How does a Breathalyzer Work?

Malcolm Tatum

Breathalyzers are instruments that are utilized in a number of professions to determine the amount of blood alcohol content by analyzing a breath sample obtained from an individual. The most common application of a breathalyzer is in the profession of law enforcement, with police officers often employing the device to deal with incidences of drunk driving.

Consumer Breathalyzer tests allow a driver to estimate whether he would pass a Breathalyzer test if stopped by a law enforcement agent.
Consumer Breathalyzer tests allow a driver to estimate whether he would pass a Breathalyzer test if stopped by a law enforcement agent.

While the term breathalyzer actually refers to a particular make and model of blood alcohol content analyzing equipment, the word has come to be considered a common name for any devices that perform this type of function. Smith and Wesson produced the first breathalyzer, but today there are dozens of different models on the market. In all cases, any form of the breathalyzer must meet a stringent set of standards, since the results of the analysis must be accurate within in order to be acceptable in a court of law.

Police often use breathalyzers on suspected drunken drivers.
Police often use breathalyzers on suspected drunken drivers.

The breathalyzer works on the principle of estimating the blood alcohol content of an individual based on a sample of breath that is obtained from the suspect. When a police officer pulls over a driver on the suspicion that the individual may be intoxicated, it is not uncommon for the officer to ask the driver to take what is known as a field sobriety test. Essentially, this involves using a hand held breathalyzer.

The driver exhales into the device, which then uses electrochemical fuel cell technology to identify the elements found in the sample. Some devices also make use of what is known as infrared spectrophotometer technology, which also helps to identify the presence and percentage content of alcohol in the sample. A reading that if over the legal limit will result in the driver being charged with driving under the influence of alcohol (or DUI). In some jurisdictions, this is also known as driving while intoxicated (DWI).

There are also breathalyzer models that are available to the general public. Many businesses that serve alcohol keep a breathalyzer on hand to test patrons that appear to be too intoxicated to drive. Loved ones of recovering alcoholics may also keep a unit handy to periodically test the friend or relative as a means of helping the individual stay sober. However, it should be noted that many of these smaller devices do not have the same level of accuracy found with the breathalyzer models used by law enforcement.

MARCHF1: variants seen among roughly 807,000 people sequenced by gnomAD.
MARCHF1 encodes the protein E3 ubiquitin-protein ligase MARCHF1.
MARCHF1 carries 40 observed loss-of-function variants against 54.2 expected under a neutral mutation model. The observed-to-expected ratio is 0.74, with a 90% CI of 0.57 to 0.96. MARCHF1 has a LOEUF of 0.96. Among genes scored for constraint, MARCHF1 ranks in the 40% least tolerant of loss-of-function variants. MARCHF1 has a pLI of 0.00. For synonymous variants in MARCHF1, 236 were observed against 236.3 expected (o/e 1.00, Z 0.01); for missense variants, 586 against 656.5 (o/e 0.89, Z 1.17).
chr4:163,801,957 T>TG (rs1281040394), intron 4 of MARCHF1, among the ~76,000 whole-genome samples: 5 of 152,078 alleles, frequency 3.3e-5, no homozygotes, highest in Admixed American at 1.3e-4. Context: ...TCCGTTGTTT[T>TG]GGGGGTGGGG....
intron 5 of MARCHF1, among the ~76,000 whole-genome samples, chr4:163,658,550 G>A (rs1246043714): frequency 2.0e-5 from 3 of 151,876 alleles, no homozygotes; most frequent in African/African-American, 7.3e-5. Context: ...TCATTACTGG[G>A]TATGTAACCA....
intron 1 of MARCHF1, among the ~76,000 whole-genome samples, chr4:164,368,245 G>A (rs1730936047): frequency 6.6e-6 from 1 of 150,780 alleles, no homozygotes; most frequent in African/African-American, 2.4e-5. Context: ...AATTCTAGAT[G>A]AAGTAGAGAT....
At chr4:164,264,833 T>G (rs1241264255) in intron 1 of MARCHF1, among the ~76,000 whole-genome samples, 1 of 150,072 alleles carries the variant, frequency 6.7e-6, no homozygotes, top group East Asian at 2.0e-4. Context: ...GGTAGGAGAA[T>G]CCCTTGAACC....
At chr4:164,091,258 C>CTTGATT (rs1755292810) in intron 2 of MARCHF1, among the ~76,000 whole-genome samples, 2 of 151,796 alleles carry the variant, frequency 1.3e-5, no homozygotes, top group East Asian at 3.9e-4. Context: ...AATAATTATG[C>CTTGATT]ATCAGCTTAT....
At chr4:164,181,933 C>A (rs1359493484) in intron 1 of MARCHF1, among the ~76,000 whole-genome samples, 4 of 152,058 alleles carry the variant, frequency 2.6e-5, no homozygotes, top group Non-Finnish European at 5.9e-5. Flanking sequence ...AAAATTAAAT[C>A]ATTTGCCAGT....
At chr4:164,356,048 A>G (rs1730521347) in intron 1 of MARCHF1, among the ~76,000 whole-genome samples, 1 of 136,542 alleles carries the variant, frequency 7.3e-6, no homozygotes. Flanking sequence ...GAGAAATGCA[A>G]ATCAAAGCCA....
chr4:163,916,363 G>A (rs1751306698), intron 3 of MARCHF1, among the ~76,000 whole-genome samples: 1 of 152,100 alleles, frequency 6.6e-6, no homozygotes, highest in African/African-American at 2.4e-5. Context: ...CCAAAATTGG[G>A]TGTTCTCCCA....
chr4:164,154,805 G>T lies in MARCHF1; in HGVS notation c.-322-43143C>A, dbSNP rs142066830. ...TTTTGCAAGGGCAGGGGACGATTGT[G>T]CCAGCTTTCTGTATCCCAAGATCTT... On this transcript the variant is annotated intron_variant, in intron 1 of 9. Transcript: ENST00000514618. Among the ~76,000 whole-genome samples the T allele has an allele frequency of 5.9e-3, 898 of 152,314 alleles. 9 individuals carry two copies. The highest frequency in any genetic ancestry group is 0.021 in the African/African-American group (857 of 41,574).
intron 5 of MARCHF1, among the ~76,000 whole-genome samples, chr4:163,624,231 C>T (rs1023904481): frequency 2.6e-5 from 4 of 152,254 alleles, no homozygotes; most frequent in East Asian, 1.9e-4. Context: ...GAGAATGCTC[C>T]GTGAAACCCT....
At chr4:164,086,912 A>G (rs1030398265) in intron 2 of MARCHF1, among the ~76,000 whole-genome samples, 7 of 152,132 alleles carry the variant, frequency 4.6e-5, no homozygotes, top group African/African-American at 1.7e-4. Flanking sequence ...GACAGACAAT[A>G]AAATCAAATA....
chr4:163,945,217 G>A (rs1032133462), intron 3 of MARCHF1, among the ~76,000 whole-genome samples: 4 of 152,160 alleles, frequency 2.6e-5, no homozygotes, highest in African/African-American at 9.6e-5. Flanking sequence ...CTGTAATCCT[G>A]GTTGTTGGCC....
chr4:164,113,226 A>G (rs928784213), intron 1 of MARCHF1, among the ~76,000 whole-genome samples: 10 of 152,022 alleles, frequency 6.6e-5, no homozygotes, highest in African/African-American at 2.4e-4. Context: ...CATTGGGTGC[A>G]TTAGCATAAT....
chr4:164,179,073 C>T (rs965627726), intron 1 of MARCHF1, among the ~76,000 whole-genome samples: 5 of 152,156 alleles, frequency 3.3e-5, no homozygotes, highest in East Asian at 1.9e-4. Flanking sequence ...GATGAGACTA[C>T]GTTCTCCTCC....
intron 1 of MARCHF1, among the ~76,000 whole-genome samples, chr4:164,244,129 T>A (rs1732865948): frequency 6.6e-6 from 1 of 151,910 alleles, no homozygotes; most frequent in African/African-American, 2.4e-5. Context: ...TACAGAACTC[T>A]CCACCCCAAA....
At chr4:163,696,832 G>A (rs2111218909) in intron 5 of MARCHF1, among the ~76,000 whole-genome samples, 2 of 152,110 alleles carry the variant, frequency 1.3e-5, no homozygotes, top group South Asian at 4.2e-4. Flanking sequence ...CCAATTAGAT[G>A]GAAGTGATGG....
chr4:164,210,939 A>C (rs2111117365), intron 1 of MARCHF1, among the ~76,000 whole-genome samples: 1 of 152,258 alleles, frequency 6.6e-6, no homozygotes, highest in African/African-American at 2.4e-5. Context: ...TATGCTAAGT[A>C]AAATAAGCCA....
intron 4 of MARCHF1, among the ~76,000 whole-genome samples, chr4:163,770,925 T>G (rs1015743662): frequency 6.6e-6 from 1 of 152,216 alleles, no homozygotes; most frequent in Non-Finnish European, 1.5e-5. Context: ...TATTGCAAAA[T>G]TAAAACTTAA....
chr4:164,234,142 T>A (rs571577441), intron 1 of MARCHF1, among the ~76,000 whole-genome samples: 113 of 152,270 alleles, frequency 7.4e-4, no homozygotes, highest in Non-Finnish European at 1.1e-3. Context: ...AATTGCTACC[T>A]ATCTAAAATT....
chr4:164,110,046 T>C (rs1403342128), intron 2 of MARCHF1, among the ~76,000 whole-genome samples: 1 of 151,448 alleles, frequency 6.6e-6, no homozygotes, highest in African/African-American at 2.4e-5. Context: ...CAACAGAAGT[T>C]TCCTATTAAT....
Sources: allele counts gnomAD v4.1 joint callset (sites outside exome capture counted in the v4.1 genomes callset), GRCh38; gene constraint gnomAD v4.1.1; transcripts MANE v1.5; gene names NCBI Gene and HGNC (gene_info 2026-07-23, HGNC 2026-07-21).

The legal limits for DUI or DWI may vary by state, but are generally around .08 percent.
The legal limits for DUI or DWI may vary by state, but are generally around .08 percent.

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Discussion Comments


I've heard that there are ways that you can "trick" a breathalyzer, but they all sound kind of urban-legendy to me. Especially now knowing how a breathalyzer works, I just can't see how you could really fool one. Of course, there's always somebody with the story about their cousin's friend's brother who successfully fooled the breathalyzer, but has anybody seriously ever done it?


@Comfyshoes - I agree. I think that after the first offense the person charged with the DUI should be forced to buy a breathalyzer that will not allow their car to start.

I heard that those can be pretty expensive too. They are over $1,000, but at least we will know that the person will not be able to drive drunk. I think that when you take risks like that you forfeit your right to drive.

I also think that the media through many of the motion pictures likes to glamorize excessive drinking. In fact many television shows do this as well. The drunk is always the life of the party, but what people don’t realize is how destructive this can be.

When I was a teenager, this kid that I worked with that was about the same age as me and he was killed by a drunk driver. This eighteen year old lost his life because someone decided that it was more important to drink and drive than to find a designated driver or taxi.

Once someone is gone there is no bringing them back. I used to feel so sad for his parents that still continued to shop at my grocery store.


I heard that some states are requiring those with prior DUI’s to buy a digital breathalyzer that is actually attached to the ignition of the car.

The driver then has to do a breathalyzer test in order to see if he or she can operate the car. If the breathalyzer reveals that there is a blood alcohol content then the car won’t start. I think that this is an excellent idea because driving is a privilege and people that drive drunk should not be allowed to drive that way ever again.

It is amazing that many of the DUI’s fall under the misdemeanor category. In fact it only gets upgraded to a felony if you kill someone on your first offense. I think that whether you kill someone or not all of the charges should automatically be felonies. We should not give someone a break and charge them with a misdemeanor because they didn’t kill someone in the process. If these crimes were dealt with more harshly, they would not occur as often.

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